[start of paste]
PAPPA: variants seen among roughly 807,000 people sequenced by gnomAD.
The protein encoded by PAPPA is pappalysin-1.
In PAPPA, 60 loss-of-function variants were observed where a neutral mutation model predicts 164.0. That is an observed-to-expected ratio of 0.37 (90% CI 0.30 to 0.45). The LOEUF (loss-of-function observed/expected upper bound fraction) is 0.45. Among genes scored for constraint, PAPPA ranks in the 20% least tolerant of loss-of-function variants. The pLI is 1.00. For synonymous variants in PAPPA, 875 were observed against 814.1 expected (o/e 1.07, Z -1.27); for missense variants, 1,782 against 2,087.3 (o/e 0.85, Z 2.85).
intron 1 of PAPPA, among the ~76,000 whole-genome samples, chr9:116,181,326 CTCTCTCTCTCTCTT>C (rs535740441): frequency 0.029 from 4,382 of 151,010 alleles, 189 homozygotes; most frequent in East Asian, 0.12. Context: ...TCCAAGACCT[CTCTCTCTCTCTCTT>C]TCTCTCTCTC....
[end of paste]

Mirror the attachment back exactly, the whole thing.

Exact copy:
PAPPA: variants seen among roughly 807,000 people sequenced by gnomAD.
The protein encoded by PAPPA is pappalysin-1.
In PAPPA, 60 loss-of-function variants were observed where a neutral mutation model predicts 164.0. That is an observed-to-expected ratio of 0.37 (90% CI 0.30 to 0.45). The LOEUF (loss-of-function observed/expected upper bound fraction) is 0.45. Among genes scored for constraint, PAPPA ranks in the 20% least tolerant of loss-of-function variants. The pLI is 1.00. For synonymous variants in PAPPA, 875 were observed against 814.1 expected (o/e 1.07, Z -1.27); for missense variants, 1,782 against 2,087.3 (o/e 0.85, Z 2.85).
intron 1 of PAPPA, among the ~76,000 whole-genome samples, chr9:116,181,326 CTCTCTCTCTCTCTT>C (rs535740441): frequency 0.029 from 4,382 of 151,010 alleles, 189 homozygotes; most frequent in East Asian, 0.12. Context: ...TCCAAGACCT[CTCTCTCTCTCTCTT>C]TCTCTCTCTC....